A long, cool drink from crystal clear cirque lakes, refreshing mountain springs and enchanting ponds will quench your thirst but three days later, bring on the butt-faucet, stomach cramps, bloating, nausea, loss of appetite, fatigue, rapid weight loss, etc., etc., etc. Graphic? Yes. Exaggeration? No.
Giardiasis, that vile, parasitic, invisible fluvial zoo happily resides in all untreated water sources throughout the world. Water purification, by any means, in the backcountry is a must.
The CamelBak All Clear™ Microbiological UV Water Purifier (MSRP $99) is a new UV purification method that uses ultraviolet light to sterilize water by jumbling the reproductive systems of harmful bacteria so they cannot reproduce. This allows them to pass through your body without taking your innards and gizzards with.
The All-Clear is very easy to use. Add water (either by scooping from a lake or river or filling from a hotel room faucet), screw on the lid and hold the button for two seconds. When the UV light comes on, alternate flipping the bottle upside and down and right side up (a.k.a agitating) until the light goes off.
The battery charges on a USB port. CamelBak provides the cable but not the AC/Auto to USB power adaptor. Charge times will vary depending on how low the battery is and how powerful the power source. When I received the All Clear, the battery was completely dead it took about two hours via my laptop to charge it to about half-power. Another couple of hours and it was fully-charged. The LCD display on the cap shows the charge/battery status.
Fully charged, the All Clear can process more than 20 liters, which is enough for several days away from power. If you are planning a longer stint off the grid, and don’t have a solar charger, there’s always the SteriPEN or the timeless Katahdyn.
CamelBak states that the bulb of the UV light will last 10,000 cycles, or purify three liters of water a day for nearly seven years. Should this “limited longevity” be a concern? Only if you live in the Alaskan bush and drive into town once every decade.
I have drunk water from Lake Superior, Cayuna Lakes, the Poplar River and various hotel room faucets using the All Clear. My innards and gizzards remain intact.
I believe that this is a good product and I’m confident that it does what it is designed to do. But I did find some points of contention:
The UV light does not alter the taste of the water. If you’re drinking from a sparkling spring in the Rockies, cool. But if you’re drinking tap water from a motel in Slackjaw, SD, it will still taste like tap water from a motel in Slackjaw, SD. I did, however, run the motel water through the Camelbak Groove® .6L. I was instantly transformed to a cirque lake fed by snow melt high in the mountains.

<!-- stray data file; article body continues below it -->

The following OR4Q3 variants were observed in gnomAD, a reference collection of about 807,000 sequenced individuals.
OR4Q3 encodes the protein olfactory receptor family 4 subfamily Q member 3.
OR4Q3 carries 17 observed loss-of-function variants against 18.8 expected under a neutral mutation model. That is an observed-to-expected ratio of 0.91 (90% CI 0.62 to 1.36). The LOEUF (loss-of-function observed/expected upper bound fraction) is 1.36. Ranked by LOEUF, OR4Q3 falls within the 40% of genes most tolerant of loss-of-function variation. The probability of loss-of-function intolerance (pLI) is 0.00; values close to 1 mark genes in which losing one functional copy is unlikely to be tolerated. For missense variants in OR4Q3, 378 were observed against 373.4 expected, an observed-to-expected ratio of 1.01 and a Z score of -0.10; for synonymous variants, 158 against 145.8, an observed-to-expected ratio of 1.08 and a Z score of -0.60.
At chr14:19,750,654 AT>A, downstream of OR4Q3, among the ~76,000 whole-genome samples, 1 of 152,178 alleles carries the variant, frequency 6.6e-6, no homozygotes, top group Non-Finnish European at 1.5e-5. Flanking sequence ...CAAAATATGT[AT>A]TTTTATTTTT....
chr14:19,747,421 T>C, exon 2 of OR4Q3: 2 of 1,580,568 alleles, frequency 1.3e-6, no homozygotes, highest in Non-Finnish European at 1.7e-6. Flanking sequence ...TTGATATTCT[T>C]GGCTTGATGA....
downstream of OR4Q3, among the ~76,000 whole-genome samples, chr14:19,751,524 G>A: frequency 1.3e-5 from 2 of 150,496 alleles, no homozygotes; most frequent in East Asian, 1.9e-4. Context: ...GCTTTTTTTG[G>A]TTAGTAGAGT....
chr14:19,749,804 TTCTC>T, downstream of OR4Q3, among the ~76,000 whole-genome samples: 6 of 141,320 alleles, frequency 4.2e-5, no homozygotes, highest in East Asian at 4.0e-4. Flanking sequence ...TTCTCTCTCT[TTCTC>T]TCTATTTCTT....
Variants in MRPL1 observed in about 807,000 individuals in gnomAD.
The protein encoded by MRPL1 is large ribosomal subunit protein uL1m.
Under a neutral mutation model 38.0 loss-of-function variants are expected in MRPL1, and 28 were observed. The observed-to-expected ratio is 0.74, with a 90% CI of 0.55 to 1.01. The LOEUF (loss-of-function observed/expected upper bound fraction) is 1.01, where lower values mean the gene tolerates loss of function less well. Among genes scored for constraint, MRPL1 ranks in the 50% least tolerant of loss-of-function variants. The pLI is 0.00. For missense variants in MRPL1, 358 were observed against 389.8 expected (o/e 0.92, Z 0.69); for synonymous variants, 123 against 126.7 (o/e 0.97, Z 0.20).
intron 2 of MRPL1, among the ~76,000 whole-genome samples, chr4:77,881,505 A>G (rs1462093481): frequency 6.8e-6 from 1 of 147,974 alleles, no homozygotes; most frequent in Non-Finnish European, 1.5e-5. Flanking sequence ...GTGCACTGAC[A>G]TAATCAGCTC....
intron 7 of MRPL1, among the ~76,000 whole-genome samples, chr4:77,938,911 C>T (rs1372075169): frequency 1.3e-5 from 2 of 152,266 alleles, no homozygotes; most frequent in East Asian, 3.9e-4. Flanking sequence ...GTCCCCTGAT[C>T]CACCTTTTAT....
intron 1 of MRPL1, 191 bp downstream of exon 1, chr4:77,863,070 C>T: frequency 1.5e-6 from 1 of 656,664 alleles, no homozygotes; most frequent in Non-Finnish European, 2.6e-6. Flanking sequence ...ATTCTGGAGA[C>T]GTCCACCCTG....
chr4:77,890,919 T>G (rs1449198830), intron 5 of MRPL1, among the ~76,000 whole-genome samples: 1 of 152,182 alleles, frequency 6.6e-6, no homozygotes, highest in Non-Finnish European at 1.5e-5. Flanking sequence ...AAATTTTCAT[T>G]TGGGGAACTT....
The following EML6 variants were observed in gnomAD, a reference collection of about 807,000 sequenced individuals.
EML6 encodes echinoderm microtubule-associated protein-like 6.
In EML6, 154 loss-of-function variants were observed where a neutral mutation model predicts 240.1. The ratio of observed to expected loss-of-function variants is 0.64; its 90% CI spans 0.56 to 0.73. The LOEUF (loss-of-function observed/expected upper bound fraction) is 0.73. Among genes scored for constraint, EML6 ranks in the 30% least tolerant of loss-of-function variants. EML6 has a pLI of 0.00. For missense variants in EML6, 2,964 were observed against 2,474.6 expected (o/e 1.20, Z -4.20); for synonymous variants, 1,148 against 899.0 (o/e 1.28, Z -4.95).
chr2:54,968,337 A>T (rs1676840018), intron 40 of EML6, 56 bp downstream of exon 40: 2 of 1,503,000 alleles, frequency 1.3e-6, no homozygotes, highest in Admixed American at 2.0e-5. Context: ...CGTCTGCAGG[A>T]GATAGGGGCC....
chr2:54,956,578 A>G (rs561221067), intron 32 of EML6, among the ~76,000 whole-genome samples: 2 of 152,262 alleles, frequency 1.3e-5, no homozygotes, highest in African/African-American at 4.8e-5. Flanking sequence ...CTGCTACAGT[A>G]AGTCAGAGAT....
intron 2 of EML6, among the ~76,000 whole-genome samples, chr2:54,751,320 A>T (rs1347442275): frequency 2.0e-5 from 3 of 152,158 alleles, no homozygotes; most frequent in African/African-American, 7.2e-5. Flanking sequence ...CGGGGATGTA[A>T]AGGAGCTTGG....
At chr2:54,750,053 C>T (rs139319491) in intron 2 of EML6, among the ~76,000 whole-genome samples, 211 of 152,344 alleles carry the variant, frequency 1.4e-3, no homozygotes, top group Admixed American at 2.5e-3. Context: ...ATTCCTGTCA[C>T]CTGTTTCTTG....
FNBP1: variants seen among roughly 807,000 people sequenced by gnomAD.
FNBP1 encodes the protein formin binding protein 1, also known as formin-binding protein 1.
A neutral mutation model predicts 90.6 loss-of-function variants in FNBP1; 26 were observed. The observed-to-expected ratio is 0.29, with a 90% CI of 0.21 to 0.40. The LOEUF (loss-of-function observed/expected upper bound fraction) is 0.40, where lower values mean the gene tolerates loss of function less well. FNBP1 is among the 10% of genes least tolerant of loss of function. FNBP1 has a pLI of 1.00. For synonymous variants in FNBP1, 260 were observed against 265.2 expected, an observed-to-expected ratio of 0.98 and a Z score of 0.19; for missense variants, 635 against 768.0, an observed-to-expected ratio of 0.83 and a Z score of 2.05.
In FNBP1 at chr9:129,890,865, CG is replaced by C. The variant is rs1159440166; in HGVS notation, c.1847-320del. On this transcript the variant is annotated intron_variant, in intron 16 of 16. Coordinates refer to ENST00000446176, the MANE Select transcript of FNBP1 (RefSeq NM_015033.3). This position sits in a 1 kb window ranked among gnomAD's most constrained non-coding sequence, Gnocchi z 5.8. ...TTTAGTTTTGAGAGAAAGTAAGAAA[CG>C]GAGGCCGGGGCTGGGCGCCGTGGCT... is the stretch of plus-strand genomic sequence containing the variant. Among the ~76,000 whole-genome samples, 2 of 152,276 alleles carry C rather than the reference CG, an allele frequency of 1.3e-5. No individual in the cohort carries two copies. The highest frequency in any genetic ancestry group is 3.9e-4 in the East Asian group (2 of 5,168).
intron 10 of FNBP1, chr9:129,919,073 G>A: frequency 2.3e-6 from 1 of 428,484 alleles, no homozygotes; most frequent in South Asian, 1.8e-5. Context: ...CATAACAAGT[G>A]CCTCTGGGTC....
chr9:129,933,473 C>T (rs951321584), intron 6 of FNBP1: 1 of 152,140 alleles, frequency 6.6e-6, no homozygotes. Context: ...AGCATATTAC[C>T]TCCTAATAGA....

The UV light does not filter the water. Every bug, silt particle, tree fuzz or microscopic organism will still be in the water unless you filter it with the CamelBak All Clear Pre-filter ($15) or another type of filter.
The All Clear comes with two lids: the agitator and a basic screw-on lid. The screw-on lid does not have a valve or straw. If you don’t want to risk ingesting the untreated water drops that lurk on the threads of the screw cap, you will need to add a bite-valve lid from another bottle, or pour the clean water into a cup. If you’re in the backcountry, this is just one more thing you have to pack. If you’re traveling and staying in hotel rooms, this should be no biggie.
The whole system, with cap, bottle, case and charger weights in at 12.50 ounces. If you’re planning a backcountry backpacking trip, and you’re a weight-weenie, beware.
The agitator and USB cable comes in a soft, thin, neoprene travel case. If you’re traveling, and the agitator is packed in a suitcase or a backpack, be careful how you pack. The power button is easy to unintentionally activate. Anytime the UV lid is activated, it goes into its 60-second treatment. This counts against the 10,000-cycle life.
In my opinion, you can never have too many options for treating and purifying water. The CamelBak All Clear™ Microbiological UV Water Purifier is definitely an option that is up there with the best of them.
For me, and what I do, the All Clear is a good option for short hikes or traveling, especially in developing countries or any international travel. It’ll be going on every trip I take and will be the # 1 item I pack for Honduras in February. But for backpacking, I have to remain stubborn and old-school: Katahdyn all the way.
CamelBak has an FAQ site with a great deal more information about using the All Clear in icy water, boiling water, cholera and E.coli.
If you live in Minneapolis, REI and Midwest Mountaineering carry the All Clear.